Add Linux and stir...
by Alan Zisman (c)
1999. First published
in Vancouver Computes,
In last month?s column, we
started off on a theme
that might be called ?two heads are better than one?, looking at my
to run two not-yet industry-standard operating systems, Windows 2000
Linux on one notebook. In that episode, we took a pre-release look at
with Windows 2000, due from Microsoft ?real soon now?.
After getting W2K up and running, with computing
getting back to being
hum drum enough to take things for granted, it was time to shake things
up again. Time for another OS?in this case, Linux. Linux is perhaps the
best known example of Open Source software?software that can be
freely along with the source code, allowing those of us of a
bent (not me, however), to see how it works and make any desired
modifications, or additions.
From modest beginnings, Linux has emerged as the
darling of the ?Anyone
But Microsoft? set, and has been gaining support, users, and
over the past few years. It?s been a while since I last tried out
and I thought it was time to give it another look, to see how it?s
and how it?s looking as an option?not for a programmer or hacker, not
a server, but for a desktop system.
Linux comes in the form of ?distributions??packages
combining the basic
system with varying setup routines and added extras. These might be
from the Net, included on CD in books, or increasingly, in packages
in all the standard software outlets. Perhaps the best-known is Red
distribution?currently in version 6. I used Red Hat 5.2 the last time I
tried out Linux.
This time, I tried Caldera?s Open Linux 2.2. Caldera?s
version is known
for a slick setup program, and includes versions of PowerQuest?s
Magic to create Linux disk partitions while leaving your existing
files intact, and Boot Magic to simplify booting between different
systems. Caldera accepts that most users already have Windows 9x on
computers, and aren?t yet ready to nuke it and devote themselves 100%
Linux, needing sometimes to boot to Win9x, if only to play games that
yet available in Linux versions.
That makes a lot of sense, though it?s not yet
perfect. The limited-feature
version of Partition Magic, for example, limited users to creating some
oddly-sized Linux partitions?a 300 meg one that was much too small, a 1
gig one, that was adequate, but tight, or maxed-out one that barely
enough room for the Windows system. I picked the 1 gig option. And
installing Open Linux, Boot Magic refused to install?it seems it needs
to go onto a FAT partition that starts and stops within the first 1024
cylinders of a hard drive?but doesn?t let you know this, until it?s too
late. (And how big is 1024 cylinders?) Even the full, commercial
has this limitation?and also doesn?t bother mentioning it anywhere!
But the Open Linux setup is lovely?graphical, slick,
There are only a few questions to answer, and while you?re answering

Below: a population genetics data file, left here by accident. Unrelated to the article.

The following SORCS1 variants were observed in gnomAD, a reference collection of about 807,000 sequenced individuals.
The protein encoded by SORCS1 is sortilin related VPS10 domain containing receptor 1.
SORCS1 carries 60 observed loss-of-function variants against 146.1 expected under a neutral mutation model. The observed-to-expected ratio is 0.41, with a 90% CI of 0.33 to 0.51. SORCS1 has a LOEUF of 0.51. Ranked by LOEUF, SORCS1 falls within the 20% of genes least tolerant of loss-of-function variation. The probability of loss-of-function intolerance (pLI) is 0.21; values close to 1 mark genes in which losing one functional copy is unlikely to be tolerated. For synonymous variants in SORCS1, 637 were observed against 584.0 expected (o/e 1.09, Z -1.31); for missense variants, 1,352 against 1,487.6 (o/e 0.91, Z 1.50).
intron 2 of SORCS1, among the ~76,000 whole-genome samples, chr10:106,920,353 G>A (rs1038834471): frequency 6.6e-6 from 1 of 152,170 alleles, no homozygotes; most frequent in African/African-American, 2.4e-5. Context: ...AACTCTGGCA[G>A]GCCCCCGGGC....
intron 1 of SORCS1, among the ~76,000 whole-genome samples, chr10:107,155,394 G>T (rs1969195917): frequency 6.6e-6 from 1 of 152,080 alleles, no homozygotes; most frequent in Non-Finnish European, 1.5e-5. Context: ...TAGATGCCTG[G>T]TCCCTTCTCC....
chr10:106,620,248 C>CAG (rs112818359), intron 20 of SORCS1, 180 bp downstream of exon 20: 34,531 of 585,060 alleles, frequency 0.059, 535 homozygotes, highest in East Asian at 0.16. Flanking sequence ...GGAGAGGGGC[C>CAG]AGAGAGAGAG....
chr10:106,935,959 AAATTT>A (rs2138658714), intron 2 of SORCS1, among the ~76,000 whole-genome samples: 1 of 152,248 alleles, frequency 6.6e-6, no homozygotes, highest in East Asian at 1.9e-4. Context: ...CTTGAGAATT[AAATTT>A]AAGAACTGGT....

the Linux files are already being copied in the background. Afterwards,
while you?re waiting, the setup program lets you play Tetris, while the
file copying continues. One loss?users can choose a minimal, typical,
?full-commercial? installation, but there?s no fine-tuning. Unlike the
Red Hat installation, you can?t choose the individual packages to
get web server software installed whether you want it or not.
But in about 20 minutes, it reboots into Linux. Not to
a command line
terminal, but right into the KDE graphical environment. Complete with
wizard waiting with the last few steps to customize your environment.
a Windows look-and-feel? Or Macintosh? It?s all possible, and easy.
The ?full-commercial? installation gave me Netscape
Word Perfect 8.0, and Star Office Suite all installed, along with a
of games, utilities, the Gimp graphics program, and more? pretty much a
system ready to go to work?though taking up nearly 900 megs of the 1
partition. Though there are too many initial sub-menus on the KDE Start
Menu, a little experimentation found the Menu Editor, which let me
the menus (just as I do on most Windows systems, given the chance).
(Since Boot Magic wouldn?t load, some clever readers
may be wondering
how can I boot between operating systems. To do this, I boot to a DOS
and set either one or the other partition active?when I reboot, that?s
the operating system that automatically starts up. Clumsy, but workable
This year?s Linux seems much closer to being usable by the millions
of users who just want a system that they can install, turn on, and
With the application software already installed, it?s possible to get
to work or to browse the Net, or even to exchange files with Microsoft
Corel is currently beta-testing a Linux distribution
that they promise
will make it even easier for Windows users to make the switch. Maybe
give that a try when it?s out. If so, I?ll let you know what I think.